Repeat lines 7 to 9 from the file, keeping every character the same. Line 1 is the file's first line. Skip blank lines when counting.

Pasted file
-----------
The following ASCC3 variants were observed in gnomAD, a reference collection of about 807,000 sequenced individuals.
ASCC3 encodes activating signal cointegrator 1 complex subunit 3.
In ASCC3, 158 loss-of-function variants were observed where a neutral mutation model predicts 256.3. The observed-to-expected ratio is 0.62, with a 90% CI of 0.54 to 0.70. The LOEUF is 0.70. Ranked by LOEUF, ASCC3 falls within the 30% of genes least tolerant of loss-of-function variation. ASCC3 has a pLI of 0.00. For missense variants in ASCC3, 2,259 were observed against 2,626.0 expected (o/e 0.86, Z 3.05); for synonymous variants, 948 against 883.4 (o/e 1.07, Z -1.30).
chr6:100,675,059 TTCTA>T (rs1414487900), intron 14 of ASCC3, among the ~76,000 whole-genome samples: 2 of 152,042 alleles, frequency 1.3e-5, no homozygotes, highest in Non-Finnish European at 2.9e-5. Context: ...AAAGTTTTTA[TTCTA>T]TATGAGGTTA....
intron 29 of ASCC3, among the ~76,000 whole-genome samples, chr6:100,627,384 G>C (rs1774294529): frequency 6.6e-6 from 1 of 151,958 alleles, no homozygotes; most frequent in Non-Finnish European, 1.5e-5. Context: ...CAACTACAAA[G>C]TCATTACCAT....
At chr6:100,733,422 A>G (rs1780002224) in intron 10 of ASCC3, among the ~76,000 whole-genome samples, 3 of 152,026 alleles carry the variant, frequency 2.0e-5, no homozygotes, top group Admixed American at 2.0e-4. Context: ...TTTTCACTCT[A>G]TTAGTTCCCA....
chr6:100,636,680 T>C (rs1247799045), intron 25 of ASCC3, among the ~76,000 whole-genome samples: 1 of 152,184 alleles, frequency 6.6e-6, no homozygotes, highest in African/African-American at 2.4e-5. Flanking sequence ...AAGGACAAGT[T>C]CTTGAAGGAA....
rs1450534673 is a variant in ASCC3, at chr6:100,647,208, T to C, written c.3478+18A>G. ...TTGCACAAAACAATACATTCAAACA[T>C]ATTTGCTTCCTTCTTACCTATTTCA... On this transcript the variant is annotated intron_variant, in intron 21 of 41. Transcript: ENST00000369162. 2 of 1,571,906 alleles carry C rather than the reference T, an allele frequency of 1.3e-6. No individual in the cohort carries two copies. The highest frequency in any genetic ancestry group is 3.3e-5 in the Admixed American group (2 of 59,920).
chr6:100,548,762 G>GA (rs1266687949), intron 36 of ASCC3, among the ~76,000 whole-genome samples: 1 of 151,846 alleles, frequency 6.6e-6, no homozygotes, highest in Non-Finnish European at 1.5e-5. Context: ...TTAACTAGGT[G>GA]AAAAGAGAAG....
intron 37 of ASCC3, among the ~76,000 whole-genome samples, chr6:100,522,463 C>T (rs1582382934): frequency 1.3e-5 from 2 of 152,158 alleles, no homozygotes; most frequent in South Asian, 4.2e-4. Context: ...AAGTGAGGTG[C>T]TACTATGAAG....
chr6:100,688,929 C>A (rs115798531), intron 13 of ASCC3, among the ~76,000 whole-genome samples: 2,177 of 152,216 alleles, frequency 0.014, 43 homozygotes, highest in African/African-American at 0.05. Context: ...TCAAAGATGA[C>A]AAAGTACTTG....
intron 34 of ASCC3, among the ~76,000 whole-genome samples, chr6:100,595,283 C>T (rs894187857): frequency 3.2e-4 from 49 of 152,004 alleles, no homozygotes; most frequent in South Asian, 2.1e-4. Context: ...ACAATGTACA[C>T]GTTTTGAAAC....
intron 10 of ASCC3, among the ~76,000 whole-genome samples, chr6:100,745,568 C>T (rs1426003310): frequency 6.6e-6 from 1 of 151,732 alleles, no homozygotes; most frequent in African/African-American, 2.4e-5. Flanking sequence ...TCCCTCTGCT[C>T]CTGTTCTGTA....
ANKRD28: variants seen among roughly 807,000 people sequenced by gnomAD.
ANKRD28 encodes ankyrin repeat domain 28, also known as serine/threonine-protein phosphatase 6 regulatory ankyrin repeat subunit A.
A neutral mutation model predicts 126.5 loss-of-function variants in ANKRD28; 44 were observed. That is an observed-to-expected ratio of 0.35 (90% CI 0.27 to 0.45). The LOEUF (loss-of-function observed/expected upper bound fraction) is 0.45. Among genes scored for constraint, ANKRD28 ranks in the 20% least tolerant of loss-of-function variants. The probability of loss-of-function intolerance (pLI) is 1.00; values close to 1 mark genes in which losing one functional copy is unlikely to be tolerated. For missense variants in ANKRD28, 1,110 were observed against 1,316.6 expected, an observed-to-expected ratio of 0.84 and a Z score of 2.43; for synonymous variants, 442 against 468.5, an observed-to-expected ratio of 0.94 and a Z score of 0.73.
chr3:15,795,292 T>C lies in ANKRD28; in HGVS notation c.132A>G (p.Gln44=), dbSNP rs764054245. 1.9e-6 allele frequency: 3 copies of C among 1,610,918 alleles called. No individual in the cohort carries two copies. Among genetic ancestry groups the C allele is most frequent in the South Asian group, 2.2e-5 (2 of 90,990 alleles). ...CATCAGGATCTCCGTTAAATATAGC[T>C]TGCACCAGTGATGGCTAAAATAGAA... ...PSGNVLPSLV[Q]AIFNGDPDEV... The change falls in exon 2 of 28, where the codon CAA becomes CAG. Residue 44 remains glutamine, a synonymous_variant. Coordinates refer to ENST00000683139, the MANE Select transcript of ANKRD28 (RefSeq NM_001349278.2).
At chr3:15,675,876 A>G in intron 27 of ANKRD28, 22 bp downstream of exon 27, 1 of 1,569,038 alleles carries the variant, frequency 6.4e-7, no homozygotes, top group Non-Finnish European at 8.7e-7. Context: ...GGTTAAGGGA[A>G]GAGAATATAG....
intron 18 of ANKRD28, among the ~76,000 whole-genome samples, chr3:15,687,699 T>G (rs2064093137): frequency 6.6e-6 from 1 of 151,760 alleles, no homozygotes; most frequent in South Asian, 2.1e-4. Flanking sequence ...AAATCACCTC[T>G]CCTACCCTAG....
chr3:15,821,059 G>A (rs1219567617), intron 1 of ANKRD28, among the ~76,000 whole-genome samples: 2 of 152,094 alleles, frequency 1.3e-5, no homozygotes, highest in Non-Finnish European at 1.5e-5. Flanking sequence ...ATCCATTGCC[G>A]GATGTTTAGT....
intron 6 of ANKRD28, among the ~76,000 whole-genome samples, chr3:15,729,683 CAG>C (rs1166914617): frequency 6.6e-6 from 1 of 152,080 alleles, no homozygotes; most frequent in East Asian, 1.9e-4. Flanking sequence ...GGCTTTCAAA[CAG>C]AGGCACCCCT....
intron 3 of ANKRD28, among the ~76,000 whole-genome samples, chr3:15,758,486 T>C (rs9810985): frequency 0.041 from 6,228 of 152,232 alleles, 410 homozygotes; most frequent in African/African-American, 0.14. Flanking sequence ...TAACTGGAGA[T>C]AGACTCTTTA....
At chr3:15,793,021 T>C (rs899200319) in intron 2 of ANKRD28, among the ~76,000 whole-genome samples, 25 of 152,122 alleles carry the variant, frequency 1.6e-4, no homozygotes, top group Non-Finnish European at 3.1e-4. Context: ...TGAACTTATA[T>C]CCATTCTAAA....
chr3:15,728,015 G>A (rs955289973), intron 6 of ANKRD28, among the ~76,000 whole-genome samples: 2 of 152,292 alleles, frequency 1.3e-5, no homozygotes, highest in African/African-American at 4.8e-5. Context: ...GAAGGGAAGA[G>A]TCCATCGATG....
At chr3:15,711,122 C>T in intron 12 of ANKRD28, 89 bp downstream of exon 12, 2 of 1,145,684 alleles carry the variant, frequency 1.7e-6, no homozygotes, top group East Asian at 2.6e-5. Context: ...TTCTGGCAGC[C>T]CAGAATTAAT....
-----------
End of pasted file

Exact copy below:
chr6:100,636,680 T>C (rs1247799045), intron 25 of ASCC3, among the ~76,000 whole-genome samples: 1 of 152,184 alleles, frequency 6.6e-6, no homozygotes, highest in African/African-American at 2.4e-5. Flanking sequence ...AAGGACAAGT[T>C]CTTGAAGGAA....
rs1450534673 is a variant in ASCC3, at chr6:100,647,208, T to C, written c.3478+18A>G. ...TTGCACAAAACAATACATTCAAACA[T>C]ATTTGCTTCCTTCTTACCTATTTCA... On this transcript the variant is annotated intron_variant, in intron 21 of 41. Transcript: ENST00000369162. 2 of 1,571,906 alleles carry C rather than the reference T, an allele frequency of 1.3e-6. No individual in the cohort carries two copies. The highest frequency in any genetic ancestry group is 3.3e-5 in the Admixed American group (2 of 59,920).
chr6:100,548,762 G>GA (rs1266687949), intron 36 of ASCC3, among the ~76,000 whole-genome samples: 1 of 151,846 alleles, frequency 6.6e-6, no homozygotes, highest in Non-Finnish European at 1.5e-5. Context: ...TTAACTAGGT[G>GA]AAAAGAGAAG....